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Ted Cruz’s extremist supporters a ‘collection of misfits’

Ted Cruz’s extremist supporters a ‘collection of misfits’
PETERBOROUGH, N.H. (AP) — Some politicians run from polarizing endorsements. Ted Cruz seeks them out.

The Texas senator’s strength in the 2016 Republican presidential primary is drawn, at least in part, from the backing of high-profile figures from his party’s far-right fringe. They are people, like his national co-chairman Iowa Rep. Steve King, who may be popular among the passionate conservatives who usually decide primary contests, but could turn off the swing voters and independents who typically decide general elections.

King is a leading voice on immigration, having compared those who cross the border illegally to drug mules and livestock. Cruz has also embraced endorsements from an evangelical leader who described Hitler as a hunter of Jews sent by God, and B-list entertainers like Phil Robertson, the anti-gay patriarch of the Louisiana duck hunting family featured on the popular cable show “Duck Dynasty.”

“When a fellow like me looks at the landscape and sees the depravity, the perversion — redefining marriage and telling us that marriage is not between a man and a woman? Come on Iowa!” Robertson told an adoring crowd in Iowa City, Iowa, the day before last Monday’s caucuses. Many in the crowd blew duck hunting whistles as a sign of support.

“How about Phil Robertson. What an extraordinary human being,” Cruz declared when taking the stage.

As the campaign shifted this week to New Hampshire, which hosts the nation’s second primary contest on Tuesday, Cruz continued to promote King’s backing and a fresh group of divisive figures.

“I’m all the way in supporting Ted Cruz for president,” King declares in a video played before his Sunday afternoon town hall-style meeting in Peterborough.

Cruz was then introduced by former New Hampshire House Speaker Bill O’Brien, a Republican leader who was essentially deposed because he was too polarizing.

“That’s a November conversation,” O’Brien said when asked whether he and other hardline conservatives might alienate some voters. “This is a Republican conversation.”

Former New Hampshire Republican Party Chairman Fergus Cullen, who last week endorsed Ohio Gov. John Kasich, described Cruz backers as “a collection of misfits.” He called King “my least favorite member of Congress.”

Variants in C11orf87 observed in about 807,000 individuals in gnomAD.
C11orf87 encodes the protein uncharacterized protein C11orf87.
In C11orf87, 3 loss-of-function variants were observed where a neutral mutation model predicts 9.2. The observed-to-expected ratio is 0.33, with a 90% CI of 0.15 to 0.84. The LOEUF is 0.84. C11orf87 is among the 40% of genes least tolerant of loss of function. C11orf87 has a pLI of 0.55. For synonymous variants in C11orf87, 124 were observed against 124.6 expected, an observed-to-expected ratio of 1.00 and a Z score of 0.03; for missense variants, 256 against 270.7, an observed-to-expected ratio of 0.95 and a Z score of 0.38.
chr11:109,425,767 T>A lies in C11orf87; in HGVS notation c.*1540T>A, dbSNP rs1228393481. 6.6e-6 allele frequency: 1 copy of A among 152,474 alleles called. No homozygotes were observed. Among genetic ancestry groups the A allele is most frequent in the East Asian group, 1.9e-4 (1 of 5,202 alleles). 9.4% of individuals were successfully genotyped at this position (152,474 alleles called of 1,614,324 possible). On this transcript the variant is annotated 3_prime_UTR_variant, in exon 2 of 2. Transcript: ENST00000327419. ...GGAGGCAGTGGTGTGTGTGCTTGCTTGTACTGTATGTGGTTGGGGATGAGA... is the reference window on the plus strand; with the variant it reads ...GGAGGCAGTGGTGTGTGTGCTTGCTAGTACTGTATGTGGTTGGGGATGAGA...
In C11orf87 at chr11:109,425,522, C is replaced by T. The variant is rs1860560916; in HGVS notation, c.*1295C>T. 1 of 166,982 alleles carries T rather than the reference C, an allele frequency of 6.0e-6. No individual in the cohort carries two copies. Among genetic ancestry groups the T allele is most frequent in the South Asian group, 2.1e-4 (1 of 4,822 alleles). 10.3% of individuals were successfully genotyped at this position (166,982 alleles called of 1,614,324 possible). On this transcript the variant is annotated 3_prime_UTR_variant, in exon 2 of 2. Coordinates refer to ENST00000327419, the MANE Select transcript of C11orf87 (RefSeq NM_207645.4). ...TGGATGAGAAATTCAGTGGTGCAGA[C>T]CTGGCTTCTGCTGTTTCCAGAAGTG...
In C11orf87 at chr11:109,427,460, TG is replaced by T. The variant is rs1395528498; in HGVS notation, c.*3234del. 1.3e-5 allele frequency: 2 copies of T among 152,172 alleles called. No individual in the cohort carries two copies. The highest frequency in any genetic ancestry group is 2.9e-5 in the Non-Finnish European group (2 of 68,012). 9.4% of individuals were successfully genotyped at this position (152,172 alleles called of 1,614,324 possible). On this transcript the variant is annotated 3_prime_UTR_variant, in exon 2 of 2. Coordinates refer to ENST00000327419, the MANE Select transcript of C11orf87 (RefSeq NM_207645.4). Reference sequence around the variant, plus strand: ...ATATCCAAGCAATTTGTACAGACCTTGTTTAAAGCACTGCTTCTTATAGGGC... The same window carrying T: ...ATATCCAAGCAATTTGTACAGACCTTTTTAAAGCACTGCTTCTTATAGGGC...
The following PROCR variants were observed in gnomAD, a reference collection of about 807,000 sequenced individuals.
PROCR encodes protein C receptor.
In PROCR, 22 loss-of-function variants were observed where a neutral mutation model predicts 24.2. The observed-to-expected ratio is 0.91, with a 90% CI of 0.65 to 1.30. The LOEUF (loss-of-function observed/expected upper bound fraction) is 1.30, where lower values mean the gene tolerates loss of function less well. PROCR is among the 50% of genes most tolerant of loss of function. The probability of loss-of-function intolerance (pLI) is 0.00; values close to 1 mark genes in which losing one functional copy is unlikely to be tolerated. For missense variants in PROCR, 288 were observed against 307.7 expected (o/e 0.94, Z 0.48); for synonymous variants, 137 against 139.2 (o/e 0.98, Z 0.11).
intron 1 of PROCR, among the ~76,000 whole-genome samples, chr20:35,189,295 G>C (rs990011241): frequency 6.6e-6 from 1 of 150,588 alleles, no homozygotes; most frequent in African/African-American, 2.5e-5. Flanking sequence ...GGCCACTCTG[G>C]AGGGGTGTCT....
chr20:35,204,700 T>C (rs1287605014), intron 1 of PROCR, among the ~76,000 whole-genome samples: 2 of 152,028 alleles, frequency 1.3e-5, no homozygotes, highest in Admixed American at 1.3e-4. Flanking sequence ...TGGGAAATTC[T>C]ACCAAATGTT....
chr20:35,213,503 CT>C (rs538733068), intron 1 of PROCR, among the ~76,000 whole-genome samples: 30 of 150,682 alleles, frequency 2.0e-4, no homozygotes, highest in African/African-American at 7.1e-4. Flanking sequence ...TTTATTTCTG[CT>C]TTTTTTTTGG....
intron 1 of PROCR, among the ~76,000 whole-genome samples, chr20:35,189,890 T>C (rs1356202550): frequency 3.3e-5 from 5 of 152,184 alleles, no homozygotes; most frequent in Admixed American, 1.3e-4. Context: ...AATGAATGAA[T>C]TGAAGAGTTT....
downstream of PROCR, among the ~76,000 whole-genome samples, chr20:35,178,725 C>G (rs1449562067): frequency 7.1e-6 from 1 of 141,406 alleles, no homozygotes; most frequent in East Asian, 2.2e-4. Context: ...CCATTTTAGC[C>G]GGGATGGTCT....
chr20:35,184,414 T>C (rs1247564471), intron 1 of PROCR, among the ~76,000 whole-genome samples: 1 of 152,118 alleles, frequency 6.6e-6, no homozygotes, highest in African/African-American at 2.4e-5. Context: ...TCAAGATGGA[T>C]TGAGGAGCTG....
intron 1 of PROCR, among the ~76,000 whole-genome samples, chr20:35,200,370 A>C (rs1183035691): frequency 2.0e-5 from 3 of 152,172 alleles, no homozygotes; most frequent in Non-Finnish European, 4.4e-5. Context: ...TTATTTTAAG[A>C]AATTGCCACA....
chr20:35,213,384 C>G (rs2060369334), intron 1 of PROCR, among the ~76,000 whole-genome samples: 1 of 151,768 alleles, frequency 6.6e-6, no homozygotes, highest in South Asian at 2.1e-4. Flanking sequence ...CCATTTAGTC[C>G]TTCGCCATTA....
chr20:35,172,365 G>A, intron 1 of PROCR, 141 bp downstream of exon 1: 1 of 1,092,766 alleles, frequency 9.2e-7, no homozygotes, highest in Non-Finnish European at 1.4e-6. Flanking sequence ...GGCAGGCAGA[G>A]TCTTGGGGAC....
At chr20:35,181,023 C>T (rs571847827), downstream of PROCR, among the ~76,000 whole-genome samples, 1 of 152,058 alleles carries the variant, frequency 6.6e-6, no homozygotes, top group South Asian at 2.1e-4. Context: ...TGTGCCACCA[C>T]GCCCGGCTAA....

“His rhetoric on immigration has been appalling,” Cullen said.

Yet Cruz, who infuses his pitch to voters with readings from scripture and exhortations to “awaken the body of Christ,” is betting that aligning himself with the stars of his most conservative wing will ultimately deepen his base of support in the primary election and November’s general election alike.

That helps explain why Cruz called Robertson a “joyful, cheerful, unapologetic voice of truth.”

Robertson faced a backlash for declaring in 2014 that gays are sinners and that African-Americans were happy under Jim Crow laws.

Cruz also celebrates the backing of Tony Perkins, president of the Family Research Council, an organization the Southern Poverty Law Center has labeled as a hate group largely because of its anti-gay positions. The organization remains influential and well-respected among social conservatives.

Cruz also has the backing of Troy Newman, president of the Kansas-based anti-abortion group Operation Rescue, who serves as a board member of the Center for Medical Progress.

The organization was widely praised by conservatives for producing information that set of an investigations by Congress and Republican efforts to cut off funding for Planned Parenthood. Two members of the group were also indicted in Texas last month after a grand jury investigated the Planned Parenthood videos.

And the Cruz campaign recently issued a press release promoting the endorsement of Mike Bickle, founder of the International House of Prayer in Kansas City. Bickle believes acceptance of gay marriage is a sign of the end times and has described Hitler as a hunter of Jews and called Oprah Winfrey’s tolerance and popularity a precursor to the apocalypse.

Such endorsements have caused problems for Republican presidential contenders in the past.

Former Texas Gov. Rick Perry drew criticism in 2011 when he appeared with Bickle. And 2008 GOP nominee Arizona Sen. John McCain renounced his endorsement from televangelist John Hagee, who had made similar comments as Bickle did about Hitler.

Cruz called it “an honor and privilege” to join Hagee for his 75th birthday party last year. And he is unapologetic about his support from such polarizing figures.

“I am proud to stand with men and women of faith,” Cruz said in a statement. “Hundreds of pastors, priests, and rabbis all across America have joined our campaign, and they knew a day would come where those who are hostile to religious faith would try to attack and break our unity. They will try to misconstrue our words and use them against us. We are not going to play that game.”

And for now at least, the endorsements seem to be doing more harm than good.

“I think Phil Robertson from Duck Dynasty is funny. But his son endorsed Donald Trump,” said Jenny Menning, 55, of North Sutton, N.H. “So, for me, it’s a wash.”


Bauer reported from Iowa City, Iowa.

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